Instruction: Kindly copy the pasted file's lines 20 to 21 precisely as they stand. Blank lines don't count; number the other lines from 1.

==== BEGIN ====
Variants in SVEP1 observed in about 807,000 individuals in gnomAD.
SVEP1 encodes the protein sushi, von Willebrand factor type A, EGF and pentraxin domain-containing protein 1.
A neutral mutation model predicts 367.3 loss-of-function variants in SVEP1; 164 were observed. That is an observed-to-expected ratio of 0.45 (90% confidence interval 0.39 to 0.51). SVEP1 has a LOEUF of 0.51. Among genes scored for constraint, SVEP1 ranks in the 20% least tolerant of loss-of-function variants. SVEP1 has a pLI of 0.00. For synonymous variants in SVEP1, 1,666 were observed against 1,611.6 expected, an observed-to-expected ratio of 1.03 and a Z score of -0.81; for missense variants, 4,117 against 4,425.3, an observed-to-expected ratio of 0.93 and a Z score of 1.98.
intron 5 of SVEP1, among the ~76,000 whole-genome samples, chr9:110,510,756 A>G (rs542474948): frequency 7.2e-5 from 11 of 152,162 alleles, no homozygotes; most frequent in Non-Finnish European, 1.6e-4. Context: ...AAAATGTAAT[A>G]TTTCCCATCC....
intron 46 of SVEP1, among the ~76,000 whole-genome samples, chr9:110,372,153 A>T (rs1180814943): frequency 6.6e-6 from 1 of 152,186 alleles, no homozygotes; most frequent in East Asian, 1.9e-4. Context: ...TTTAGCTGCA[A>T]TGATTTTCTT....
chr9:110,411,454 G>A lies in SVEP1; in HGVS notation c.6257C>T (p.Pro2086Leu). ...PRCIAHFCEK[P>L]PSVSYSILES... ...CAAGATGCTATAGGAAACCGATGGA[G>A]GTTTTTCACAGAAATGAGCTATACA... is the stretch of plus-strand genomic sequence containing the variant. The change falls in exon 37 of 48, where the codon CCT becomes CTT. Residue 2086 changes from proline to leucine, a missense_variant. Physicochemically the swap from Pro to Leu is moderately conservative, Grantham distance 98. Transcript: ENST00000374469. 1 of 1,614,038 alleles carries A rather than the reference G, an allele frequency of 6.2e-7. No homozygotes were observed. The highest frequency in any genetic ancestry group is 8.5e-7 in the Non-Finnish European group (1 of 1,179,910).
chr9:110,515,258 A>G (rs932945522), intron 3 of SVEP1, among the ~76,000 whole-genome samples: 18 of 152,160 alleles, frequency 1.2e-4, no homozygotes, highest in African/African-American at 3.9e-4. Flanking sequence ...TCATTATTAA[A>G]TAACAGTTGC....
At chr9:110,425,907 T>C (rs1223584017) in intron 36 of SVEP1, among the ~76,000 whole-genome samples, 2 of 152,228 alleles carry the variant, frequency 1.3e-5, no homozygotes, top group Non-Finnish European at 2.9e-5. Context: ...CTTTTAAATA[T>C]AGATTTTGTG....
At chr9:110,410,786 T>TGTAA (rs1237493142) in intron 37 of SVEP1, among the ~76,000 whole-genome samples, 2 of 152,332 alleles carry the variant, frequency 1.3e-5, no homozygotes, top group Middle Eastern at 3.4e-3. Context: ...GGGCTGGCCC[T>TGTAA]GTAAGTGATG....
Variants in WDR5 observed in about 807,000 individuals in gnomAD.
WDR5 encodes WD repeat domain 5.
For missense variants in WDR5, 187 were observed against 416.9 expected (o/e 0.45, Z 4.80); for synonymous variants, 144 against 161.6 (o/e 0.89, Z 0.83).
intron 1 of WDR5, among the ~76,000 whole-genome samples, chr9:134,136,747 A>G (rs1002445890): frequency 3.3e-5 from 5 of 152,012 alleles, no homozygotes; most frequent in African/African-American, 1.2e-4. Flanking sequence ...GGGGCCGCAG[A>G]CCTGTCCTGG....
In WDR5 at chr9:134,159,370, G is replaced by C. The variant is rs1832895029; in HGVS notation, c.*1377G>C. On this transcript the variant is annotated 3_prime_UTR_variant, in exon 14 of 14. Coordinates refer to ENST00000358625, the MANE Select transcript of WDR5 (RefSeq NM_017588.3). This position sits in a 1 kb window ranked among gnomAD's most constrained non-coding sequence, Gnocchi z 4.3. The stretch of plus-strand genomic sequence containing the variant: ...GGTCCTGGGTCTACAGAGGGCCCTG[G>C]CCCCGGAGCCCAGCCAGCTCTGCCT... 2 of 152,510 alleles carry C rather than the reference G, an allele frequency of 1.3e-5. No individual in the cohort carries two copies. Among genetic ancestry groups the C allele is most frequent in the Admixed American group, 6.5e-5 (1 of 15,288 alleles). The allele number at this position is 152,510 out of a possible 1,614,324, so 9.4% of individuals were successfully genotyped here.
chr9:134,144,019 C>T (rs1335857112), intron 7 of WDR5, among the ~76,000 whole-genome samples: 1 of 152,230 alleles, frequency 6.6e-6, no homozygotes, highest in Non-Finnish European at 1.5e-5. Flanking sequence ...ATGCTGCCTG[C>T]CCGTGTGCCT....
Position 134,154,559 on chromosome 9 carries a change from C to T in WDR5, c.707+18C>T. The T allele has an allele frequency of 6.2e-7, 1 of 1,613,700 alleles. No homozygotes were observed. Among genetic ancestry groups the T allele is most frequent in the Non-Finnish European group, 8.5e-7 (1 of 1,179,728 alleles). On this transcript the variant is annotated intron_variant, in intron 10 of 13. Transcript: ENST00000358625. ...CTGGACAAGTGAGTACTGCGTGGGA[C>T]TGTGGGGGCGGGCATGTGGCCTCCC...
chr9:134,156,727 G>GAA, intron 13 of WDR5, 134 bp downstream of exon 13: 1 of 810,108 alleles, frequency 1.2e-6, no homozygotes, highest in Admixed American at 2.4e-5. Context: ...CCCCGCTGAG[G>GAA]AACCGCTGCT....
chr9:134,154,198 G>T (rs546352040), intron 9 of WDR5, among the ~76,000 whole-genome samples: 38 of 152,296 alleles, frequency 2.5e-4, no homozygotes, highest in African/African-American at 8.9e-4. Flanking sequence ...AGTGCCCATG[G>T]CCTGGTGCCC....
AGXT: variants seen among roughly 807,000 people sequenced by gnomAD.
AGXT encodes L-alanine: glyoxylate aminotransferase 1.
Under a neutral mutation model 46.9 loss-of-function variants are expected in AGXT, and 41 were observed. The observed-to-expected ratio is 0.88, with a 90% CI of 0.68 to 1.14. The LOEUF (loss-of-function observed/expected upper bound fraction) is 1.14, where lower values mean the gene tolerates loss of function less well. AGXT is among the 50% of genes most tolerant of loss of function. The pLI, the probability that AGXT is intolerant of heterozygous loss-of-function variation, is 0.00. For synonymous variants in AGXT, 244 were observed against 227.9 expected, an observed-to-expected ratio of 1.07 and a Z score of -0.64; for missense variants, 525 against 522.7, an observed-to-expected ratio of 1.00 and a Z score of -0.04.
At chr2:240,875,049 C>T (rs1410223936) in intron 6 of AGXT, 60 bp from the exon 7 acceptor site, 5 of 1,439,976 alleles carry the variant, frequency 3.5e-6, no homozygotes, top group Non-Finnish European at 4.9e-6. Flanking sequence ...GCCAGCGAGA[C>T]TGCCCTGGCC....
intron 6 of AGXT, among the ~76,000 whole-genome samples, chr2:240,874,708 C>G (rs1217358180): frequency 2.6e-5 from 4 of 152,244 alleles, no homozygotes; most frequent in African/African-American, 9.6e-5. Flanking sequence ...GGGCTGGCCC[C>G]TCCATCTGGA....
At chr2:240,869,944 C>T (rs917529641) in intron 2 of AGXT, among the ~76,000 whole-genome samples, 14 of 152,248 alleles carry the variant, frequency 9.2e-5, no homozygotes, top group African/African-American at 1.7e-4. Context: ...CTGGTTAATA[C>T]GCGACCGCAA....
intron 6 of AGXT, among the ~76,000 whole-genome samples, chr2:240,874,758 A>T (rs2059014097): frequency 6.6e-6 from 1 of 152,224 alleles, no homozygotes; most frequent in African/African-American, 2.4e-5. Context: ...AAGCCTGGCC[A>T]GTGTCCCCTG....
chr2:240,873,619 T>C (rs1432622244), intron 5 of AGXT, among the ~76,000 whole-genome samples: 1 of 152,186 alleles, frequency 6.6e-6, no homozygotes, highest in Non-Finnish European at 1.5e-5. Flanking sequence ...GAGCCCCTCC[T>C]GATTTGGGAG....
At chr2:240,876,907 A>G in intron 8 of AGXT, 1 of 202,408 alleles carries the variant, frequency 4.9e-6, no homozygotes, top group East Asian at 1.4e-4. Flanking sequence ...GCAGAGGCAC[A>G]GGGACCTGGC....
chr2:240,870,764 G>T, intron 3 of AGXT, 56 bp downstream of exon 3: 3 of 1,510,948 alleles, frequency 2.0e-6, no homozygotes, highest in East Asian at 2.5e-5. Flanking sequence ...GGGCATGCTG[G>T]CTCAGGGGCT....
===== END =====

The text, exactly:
AGXT encodes L-alanine: glyoxylate aminotransferase 1.
Under a neutral mutation model 46.9 loss-of-function variants are expected in AGXT, and 41 were observed. The observed-to-expected ratio is 0.88, with a 90% CI of 0.68 to 1.14. The LOEUF (loss-of-function observed/expected upper bound fraction) is 1.14, where lower values mean the gene tolerates loss of function less well. AGXT is among the 50% of genes most tolerant of loss of function. The pLI, the probability that AGXT is intolerant of heterozygous loss-of-function variation, is 0.00. For synonymous variants in AGXT, 244 were observed against 227.9 expected, an observed-to-expected ratio of 1.07 and a Z score of -0.64; for missense variants, 525 against 522.7, an observed-to-expected ratio of 1.00 and a Z score of -0.04.